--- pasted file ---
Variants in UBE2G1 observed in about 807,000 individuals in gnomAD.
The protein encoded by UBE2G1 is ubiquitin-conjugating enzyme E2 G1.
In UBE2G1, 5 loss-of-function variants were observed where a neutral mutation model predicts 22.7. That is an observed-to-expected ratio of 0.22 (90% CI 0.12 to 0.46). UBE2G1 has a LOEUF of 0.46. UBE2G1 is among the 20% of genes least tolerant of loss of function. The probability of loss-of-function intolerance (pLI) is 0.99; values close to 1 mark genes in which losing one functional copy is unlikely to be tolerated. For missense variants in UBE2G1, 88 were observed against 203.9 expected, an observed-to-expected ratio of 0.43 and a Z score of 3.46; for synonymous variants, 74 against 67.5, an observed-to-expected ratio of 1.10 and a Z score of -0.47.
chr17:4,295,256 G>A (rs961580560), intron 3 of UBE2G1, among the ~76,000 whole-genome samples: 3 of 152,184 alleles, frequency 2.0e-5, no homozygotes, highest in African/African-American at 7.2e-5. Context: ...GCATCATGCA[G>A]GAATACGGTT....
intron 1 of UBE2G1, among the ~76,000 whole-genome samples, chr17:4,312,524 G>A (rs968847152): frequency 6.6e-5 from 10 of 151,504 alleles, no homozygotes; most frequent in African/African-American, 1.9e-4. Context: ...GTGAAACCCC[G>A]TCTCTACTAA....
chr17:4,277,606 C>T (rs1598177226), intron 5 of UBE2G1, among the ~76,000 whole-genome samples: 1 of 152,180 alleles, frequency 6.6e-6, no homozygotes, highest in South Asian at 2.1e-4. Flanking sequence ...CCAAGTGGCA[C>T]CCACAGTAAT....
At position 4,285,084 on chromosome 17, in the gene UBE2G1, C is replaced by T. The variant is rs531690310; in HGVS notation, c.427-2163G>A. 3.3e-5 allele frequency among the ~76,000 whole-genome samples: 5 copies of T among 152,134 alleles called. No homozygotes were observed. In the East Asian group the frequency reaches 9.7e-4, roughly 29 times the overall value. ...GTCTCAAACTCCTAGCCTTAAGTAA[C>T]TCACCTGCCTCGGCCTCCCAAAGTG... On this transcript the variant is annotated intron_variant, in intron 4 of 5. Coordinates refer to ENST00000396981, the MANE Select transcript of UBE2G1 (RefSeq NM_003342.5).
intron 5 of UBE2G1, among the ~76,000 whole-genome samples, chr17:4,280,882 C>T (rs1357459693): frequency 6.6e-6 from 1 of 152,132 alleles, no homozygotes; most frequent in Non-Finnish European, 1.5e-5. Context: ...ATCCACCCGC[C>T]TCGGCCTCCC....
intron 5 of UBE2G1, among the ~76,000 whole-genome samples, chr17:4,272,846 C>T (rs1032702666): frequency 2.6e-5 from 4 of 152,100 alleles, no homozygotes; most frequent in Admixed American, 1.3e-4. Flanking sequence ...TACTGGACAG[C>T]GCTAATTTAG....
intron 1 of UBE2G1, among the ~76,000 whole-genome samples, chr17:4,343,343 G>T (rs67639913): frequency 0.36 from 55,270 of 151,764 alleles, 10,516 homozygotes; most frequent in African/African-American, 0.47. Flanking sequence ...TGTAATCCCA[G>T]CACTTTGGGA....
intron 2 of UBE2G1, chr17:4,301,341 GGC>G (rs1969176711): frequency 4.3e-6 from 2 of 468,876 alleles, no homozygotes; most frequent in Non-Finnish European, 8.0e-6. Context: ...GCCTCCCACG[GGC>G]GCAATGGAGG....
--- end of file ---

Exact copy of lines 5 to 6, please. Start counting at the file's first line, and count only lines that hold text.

intron 1 of UBE2G1, among the ~76,000 whole-genome samples, chr17:4,312,524 G>A (rs968847152): frequency 6.6e-5 from 10 of 151,504 alleles, no homozygotes; most frequent in African/African-American, 1.9e-4. Context: ...GTGAAACCCC[G>A]TCTCTACTAA....
chr17:4,277,606 C>T (rs1598177226), intron 5 of UBE2G1, among the ~76,000 whole-genome samples: 1 of 152,180 alleles, frequency 6.6e-6, no homozygotes, highest in South Asian at 2.1e-4. Flanking sequence ...CCAAGTGGCA[C>T]CCACAGTAAT....